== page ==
From an ecological perspective [ 9 ], personal, psychosocial, and environmental factors and policies influence ACS behavior. Recently, the role of physical environmental factors in ACS has been examined with great interest [ 1011 ]. The concept of walkability was developed to explain how friendly an area is to active commuting behaviors [ 12 ].

Researchers focusing on children and adolescents have reported limited evidence and non-conclusive associations between neighborhood walkability measures and ACS [ 1113 ]. Apart from the small number of studies on this topic [ 11 ], the inconsistent associations across studies might be due to the differences in the methods used to assess built environment attributes [ 1314 ]. The associations between built environments and physical activity are more consistent when studies are based on objective neighborhood evaluation methods, such as geographical information system GIS or observational tools, compared to subjective methods perception instruments [ 14 ].

Likewise, there is a wide variety of variables to be considered when walkability is evaluated in relation to ACS [ 10 ]. The most usual components considered to calculate walkability are street connectivity, residential density, and land use mix [ 151617 ].

A walkability index is calculated by combining these components into a composite value [ 17 ].

These neighborhood environment components are considered macro-scale features because they are structural and urban form attributes that are not easily modifiable [ 18 ]. More connected areas are hypothesized to promote ACS because there are more route choices through the street network [ 19 ].

In this regard, the number of four-way intersections would also be related to the ease of ACS [ 20 ]. Moreover, higher residential density has also been related to more active commuting behaviors because it provides more opportunities for social interactions, more commercial activity, or better public transportation systems [ 2122 ].This article was originally published here.

Moreover, there is a lack of studies evaluating both macro- and micro-scale environmental factors of the neighborhood when ACS is analyzed.

walkability and street intersections in rural

Likewise, most studies on built environment attributes and ACS focus on urban areas, whereas there is a lack of studies analyzing rural residential locations. Moreover, the relationship between built environment attributes and ACS may differ in children and adolescents.

Hence, this study aimed to develop walkability indexes in relation to ACS for urban and rural children and adolescents, including both macro- and micro-scale school-neighborhood factors. Macro-scale environmental factors were evaluated using geographic information system data, and micro-scale factors were measured using observational procedures.

Socio-demographic characteristics and ACS were assessed with a questionnaire. Several linear regression models were conducted, including all the possible combinations of six or less built environment factors in order to find the best walkability index. RESULTS: Analyses showed that intersection density, number of four-way intersections, and residential density were positively related to ACS in urban participants, but negatively in rural participants.

In rural children, positive streetscape characteristics, number of regulated crossings, traffic calming features, traffic lanes, and parking street buffers were also negatively related to ACS. In urban participants, other different factors were positively related to ACS: number of regulated crossings, positive streetscape characteristics, or crossing quality. Land use mix acted as a positive predictor only in urban adolescents. Distance to the school was a negative predictor on all the walkability indexes.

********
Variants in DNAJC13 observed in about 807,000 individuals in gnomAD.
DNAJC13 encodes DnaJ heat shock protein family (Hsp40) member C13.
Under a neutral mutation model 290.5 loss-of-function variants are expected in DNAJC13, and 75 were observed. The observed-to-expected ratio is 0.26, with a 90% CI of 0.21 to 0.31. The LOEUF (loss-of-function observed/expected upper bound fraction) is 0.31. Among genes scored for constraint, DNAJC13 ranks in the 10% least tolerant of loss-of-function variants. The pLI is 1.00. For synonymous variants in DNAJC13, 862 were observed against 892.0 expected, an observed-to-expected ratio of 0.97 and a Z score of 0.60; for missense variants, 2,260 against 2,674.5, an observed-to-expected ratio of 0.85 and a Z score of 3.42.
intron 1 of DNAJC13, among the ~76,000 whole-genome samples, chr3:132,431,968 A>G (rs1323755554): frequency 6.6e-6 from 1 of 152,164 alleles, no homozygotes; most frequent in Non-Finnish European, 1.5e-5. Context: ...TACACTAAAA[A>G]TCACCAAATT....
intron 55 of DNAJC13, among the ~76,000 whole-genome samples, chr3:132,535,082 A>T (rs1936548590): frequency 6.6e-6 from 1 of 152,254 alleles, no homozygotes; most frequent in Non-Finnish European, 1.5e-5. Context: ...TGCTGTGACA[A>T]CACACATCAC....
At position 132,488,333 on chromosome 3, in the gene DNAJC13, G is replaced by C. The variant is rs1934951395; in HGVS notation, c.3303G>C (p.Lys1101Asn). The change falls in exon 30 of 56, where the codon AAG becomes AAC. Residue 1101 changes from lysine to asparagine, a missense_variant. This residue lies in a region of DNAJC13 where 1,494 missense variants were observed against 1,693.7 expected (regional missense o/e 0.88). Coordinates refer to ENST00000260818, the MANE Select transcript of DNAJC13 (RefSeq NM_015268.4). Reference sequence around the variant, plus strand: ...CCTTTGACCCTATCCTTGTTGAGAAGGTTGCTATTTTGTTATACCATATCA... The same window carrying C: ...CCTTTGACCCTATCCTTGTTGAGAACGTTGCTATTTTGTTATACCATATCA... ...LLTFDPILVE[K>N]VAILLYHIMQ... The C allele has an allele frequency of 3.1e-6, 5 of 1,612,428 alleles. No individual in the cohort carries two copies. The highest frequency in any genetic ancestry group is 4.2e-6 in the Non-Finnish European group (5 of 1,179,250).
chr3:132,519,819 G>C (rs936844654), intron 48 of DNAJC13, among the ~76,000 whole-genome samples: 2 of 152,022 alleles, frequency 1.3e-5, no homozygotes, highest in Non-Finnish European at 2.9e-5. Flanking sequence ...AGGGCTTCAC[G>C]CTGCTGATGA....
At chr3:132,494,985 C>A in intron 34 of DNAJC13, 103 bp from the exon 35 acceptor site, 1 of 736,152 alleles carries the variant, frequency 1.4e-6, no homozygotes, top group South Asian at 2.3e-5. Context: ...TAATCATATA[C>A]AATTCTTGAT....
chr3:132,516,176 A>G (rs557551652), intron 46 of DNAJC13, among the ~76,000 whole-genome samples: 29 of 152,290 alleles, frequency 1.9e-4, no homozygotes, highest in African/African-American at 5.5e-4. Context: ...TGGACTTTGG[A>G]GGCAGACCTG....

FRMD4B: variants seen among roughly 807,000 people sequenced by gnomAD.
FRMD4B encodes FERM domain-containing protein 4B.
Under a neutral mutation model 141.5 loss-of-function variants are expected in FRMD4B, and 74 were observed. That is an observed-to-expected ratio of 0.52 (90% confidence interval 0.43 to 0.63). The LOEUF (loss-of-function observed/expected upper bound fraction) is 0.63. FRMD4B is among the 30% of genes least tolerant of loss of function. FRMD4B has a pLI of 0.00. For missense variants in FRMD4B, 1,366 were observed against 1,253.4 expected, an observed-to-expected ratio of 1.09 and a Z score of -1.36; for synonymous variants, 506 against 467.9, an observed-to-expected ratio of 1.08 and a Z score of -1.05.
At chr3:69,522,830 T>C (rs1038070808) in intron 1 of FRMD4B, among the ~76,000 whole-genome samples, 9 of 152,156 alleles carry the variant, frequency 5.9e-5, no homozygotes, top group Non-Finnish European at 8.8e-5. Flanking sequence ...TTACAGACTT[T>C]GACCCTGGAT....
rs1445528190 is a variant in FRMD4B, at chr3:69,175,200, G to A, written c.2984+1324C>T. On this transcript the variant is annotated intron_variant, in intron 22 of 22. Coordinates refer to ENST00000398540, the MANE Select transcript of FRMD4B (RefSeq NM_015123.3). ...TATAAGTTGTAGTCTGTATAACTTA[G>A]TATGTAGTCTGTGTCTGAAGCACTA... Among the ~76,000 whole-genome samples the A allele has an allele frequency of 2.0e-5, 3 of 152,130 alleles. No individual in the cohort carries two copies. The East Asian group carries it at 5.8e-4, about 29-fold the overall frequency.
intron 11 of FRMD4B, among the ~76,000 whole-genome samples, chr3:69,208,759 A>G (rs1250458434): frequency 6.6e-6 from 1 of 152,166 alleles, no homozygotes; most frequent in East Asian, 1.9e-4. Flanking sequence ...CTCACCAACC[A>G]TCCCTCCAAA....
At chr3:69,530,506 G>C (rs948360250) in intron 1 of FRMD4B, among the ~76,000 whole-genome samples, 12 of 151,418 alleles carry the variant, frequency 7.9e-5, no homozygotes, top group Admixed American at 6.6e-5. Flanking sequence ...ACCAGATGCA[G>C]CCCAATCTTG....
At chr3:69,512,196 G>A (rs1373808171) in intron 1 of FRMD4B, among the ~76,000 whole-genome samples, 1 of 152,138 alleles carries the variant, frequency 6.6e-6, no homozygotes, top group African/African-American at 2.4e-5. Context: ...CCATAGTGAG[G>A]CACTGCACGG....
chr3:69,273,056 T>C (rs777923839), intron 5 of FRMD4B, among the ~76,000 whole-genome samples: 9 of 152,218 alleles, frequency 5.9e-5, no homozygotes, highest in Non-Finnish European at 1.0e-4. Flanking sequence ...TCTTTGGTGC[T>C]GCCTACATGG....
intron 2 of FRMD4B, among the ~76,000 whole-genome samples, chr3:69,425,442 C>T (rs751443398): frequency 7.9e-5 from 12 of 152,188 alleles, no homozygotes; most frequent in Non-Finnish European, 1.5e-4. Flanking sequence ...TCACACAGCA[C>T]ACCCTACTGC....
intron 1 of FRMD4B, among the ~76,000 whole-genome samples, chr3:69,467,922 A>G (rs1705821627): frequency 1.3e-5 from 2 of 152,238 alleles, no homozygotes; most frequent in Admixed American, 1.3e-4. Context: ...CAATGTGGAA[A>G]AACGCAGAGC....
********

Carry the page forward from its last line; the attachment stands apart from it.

Carfree Cities: The Gritty Details

However, aesthetic and social characteristics were not included in any of the indexes. Your email address will not be published. Save my name, email, and website in this browser for the next time I comment. Home Data Analysis. Different neighborhood walkability indexes for active commuting to school are necessary for urban and rural children and adolescents by globalresearchsyndicate.

October 2, Share on Facebook Share on Twitter.Most US cities, Minneapolis and St Paul included, are in dire need of traffic calming and complete streets. Critical streets are dangerously overbuilt: corners have been widened, lanes widened, streets widened. Over the last half century, Herculean governmental and financial efforts have been thrown at reshaping our cities for driving at the expense of those on foot.

We all know this. Those of you who read this site probably do, anyway. We all know that we should work overtime on traffic calming, road diets, sidewalk extensions, lane narrowing, and a whole host of other design approaches that might begin to undo some of the damage to our walkable urban fabric. City leaders say that this is one of their goals. We all know we need to make our cities safe for people on foot.

But when it comes down to any one particular project, the situation seems to change. We might say we want to make our streets safer for vulnerable pedestrians, but talk is cheap, and change is hard, and that goes double for concrete. The technology is pretty straightforward. They take a picture of the license plate of the car breaking the law, and send a ticket to the address associated with that car.

At one level, the cameras seem like a no brainer. Who is going to defend people speeding through a red light at an intersection full of pedestrians? As you may remember, Minneapolis installed red light cameras for a short time back in After an outcry by civil libertarians who presumably enjoy speeding through stoplights and threatening to maim people trying to cross the street?